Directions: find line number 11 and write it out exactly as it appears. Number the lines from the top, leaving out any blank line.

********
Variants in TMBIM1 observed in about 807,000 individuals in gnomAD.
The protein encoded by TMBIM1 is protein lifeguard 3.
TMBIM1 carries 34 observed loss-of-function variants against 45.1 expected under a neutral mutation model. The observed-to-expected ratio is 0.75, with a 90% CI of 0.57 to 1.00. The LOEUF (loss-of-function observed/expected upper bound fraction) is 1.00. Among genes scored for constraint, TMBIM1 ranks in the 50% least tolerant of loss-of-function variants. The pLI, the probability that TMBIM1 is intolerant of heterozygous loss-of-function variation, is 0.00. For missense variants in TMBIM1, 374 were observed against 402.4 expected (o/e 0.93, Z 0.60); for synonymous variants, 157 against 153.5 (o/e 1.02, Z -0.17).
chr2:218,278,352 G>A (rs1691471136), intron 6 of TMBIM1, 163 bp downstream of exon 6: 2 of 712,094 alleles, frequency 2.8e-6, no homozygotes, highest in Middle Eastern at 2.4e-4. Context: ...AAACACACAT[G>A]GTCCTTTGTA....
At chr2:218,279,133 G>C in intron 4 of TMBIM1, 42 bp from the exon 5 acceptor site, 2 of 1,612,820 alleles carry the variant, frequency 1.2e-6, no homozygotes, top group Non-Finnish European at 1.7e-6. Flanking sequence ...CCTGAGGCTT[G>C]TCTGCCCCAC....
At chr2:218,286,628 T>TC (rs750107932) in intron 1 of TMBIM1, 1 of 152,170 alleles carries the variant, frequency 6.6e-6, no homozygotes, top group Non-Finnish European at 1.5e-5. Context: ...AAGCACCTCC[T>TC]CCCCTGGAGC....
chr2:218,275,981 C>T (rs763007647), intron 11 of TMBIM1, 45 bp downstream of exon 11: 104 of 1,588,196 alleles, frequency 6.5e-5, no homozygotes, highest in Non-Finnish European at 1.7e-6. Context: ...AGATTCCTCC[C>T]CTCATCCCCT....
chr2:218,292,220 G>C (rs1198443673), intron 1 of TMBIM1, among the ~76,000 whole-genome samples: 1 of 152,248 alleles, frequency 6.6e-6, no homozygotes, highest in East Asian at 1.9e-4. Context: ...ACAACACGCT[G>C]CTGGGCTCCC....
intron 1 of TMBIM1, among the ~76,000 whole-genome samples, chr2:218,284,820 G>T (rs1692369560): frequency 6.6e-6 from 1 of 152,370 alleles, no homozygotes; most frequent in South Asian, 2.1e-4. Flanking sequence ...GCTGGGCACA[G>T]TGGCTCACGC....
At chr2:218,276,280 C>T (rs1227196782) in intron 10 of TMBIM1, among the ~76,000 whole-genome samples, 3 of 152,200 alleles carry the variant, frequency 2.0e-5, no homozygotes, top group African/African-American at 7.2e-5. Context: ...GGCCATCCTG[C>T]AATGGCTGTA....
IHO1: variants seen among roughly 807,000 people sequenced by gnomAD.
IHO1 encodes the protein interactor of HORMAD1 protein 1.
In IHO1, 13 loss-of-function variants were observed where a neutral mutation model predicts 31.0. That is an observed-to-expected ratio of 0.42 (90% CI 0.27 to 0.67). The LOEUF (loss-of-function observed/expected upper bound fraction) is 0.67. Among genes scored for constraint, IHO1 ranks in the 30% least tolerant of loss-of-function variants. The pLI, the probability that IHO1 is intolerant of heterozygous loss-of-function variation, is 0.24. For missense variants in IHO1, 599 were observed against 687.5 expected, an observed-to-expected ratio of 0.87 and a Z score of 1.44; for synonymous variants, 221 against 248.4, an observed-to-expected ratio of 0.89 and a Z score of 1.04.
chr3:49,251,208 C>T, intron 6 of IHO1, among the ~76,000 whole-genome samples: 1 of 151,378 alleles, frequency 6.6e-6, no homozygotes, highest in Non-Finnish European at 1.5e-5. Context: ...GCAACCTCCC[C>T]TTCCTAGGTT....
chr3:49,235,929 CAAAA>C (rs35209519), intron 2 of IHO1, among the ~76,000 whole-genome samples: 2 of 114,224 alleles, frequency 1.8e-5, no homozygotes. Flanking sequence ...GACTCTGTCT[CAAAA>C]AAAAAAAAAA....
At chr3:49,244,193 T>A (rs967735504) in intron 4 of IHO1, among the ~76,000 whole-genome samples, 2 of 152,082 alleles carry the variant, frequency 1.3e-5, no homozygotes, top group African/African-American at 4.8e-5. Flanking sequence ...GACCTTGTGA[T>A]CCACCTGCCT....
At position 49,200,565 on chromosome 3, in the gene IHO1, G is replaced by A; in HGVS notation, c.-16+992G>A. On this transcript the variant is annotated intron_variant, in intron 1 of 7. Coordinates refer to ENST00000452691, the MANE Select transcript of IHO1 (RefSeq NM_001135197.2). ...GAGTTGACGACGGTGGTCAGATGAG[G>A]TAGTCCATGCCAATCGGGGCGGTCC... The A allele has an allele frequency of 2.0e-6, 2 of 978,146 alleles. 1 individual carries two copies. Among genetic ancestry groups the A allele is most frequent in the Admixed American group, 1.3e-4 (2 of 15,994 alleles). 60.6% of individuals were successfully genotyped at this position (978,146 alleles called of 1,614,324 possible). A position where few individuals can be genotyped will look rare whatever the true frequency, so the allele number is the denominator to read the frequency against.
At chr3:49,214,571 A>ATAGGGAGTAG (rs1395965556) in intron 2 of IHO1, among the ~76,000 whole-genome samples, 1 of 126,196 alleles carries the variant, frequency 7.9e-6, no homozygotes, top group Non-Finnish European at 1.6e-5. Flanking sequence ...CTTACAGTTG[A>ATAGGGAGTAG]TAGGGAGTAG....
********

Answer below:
IHO1: variants seen among roughly 807,000 people sequenced by gnomAD.